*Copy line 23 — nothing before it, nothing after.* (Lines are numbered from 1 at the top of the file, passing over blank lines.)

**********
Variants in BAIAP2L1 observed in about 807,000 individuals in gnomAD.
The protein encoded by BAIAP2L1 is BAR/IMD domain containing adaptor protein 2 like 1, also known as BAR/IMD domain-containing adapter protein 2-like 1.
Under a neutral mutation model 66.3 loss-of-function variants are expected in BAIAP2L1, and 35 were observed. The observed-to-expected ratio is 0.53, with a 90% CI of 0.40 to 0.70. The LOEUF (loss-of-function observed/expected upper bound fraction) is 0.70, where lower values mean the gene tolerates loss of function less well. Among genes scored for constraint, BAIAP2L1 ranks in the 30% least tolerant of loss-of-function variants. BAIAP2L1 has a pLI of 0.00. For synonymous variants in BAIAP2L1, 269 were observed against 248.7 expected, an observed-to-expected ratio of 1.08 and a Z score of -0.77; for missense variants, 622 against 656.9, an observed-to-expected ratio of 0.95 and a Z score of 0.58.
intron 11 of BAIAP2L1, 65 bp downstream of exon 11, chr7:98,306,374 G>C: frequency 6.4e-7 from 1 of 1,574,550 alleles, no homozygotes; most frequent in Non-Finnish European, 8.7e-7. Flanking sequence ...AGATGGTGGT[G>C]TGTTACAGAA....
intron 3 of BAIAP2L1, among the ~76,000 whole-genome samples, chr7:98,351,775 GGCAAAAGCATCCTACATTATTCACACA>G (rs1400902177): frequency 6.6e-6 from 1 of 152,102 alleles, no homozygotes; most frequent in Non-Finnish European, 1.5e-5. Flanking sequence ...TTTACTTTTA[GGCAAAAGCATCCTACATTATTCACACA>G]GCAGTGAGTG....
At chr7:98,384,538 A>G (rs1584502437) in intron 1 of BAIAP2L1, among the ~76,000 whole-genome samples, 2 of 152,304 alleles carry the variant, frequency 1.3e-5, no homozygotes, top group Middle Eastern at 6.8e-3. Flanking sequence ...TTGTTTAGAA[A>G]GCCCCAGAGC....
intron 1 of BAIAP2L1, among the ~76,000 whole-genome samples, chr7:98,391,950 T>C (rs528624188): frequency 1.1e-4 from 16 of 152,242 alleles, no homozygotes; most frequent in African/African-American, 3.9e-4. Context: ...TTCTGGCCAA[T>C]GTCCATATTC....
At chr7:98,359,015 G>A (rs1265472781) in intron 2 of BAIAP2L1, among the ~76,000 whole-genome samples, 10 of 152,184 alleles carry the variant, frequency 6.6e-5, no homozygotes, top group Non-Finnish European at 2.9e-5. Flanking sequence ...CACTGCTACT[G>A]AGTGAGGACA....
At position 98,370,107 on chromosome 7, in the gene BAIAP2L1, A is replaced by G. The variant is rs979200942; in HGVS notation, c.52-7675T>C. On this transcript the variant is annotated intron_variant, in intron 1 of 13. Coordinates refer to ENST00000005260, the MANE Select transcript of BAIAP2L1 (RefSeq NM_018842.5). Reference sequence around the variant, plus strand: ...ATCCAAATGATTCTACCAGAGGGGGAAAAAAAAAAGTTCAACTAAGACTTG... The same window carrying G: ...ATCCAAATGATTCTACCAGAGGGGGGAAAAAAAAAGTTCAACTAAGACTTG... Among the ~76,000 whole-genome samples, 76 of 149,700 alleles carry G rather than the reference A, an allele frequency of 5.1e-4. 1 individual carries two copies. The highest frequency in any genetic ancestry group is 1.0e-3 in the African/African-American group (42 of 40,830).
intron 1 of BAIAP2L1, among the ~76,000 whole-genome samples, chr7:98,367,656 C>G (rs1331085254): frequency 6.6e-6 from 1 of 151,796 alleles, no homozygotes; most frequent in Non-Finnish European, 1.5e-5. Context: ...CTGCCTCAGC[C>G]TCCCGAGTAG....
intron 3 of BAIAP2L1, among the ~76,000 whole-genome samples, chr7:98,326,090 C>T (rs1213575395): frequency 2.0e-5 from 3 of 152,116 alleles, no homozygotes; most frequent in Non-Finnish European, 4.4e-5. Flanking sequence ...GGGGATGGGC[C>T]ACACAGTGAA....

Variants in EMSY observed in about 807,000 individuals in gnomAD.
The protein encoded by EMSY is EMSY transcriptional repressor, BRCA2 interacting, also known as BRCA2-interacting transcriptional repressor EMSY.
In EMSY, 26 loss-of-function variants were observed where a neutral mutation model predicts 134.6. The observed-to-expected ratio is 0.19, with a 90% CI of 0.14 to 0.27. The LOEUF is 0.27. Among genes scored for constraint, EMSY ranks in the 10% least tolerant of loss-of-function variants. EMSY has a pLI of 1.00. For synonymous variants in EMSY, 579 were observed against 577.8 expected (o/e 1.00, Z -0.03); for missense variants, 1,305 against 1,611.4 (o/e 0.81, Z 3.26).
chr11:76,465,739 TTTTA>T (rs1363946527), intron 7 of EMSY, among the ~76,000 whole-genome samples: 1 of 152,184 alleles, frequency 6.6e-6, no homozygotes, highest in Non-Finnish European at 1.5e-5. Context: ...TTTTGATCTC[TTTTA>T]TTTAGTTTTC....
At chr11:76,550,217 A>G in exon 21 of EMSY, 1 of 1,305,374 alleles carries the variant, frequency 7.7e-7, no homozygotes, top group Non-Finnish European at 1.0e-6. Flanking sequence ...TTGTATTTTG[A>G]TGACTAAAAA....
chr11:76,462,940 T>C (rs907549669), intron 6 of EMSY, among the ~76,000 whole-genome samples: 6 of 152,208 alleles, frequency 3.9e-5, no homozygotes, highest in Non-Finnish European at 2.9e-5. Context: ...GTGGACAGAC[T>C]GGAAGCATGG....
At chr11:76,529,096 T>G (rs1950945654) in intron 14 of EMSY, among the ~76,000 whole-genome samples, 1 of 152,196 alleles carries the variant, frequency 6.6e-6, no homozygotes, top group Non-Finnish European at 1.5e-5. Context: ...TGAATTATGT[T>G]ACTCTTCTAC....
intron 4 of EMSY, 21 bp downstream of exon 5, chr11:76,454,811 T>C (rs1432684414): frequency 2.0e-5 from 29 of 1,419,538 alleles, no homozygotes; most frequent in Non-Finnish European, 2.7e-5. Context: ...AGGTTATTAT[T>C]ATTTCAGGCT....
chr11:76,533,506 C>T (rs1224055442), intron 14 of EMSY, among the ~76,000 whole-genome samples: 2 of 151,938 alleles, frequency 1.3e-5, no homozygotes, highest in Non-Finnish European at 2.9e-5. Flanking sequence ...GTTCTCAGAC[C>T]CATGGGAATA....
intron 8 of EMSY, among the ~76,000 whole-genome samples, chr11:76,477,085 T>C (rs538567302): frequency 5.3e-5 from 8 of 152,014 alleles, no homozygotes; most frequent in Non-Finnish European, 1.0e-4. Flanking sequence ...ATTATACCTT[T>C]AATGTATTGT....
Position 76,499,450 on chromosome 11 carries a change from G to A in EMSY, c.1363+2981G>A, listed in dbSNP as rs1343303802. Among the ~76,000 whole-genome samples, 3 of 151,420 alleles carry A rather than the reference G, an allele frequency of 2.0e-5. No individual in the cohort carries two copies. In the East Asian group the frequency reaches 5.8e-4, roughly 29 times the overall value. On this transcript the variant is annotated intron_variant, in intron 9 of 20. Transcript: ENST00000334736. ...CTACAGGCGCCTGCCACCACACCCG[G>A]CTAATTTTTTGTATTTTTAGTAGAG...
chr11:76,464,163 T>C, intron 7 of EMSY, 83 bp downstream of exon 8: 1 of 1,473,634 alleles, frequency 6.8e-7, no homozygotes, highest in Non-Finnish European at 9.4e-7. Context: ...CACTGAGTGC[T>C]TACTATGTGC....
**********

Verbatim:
chr11:76,464,163 T>C, intron 7 of EMSY, 83 bp downstream of exon 8: 1 of 1,473,634 alleles, frequency 6.8e-7, no homozygotes, highest in Non-Finnish European at 9.4e-7. Context: ...CACTGAGTGC[T>C]TACTATGTGC....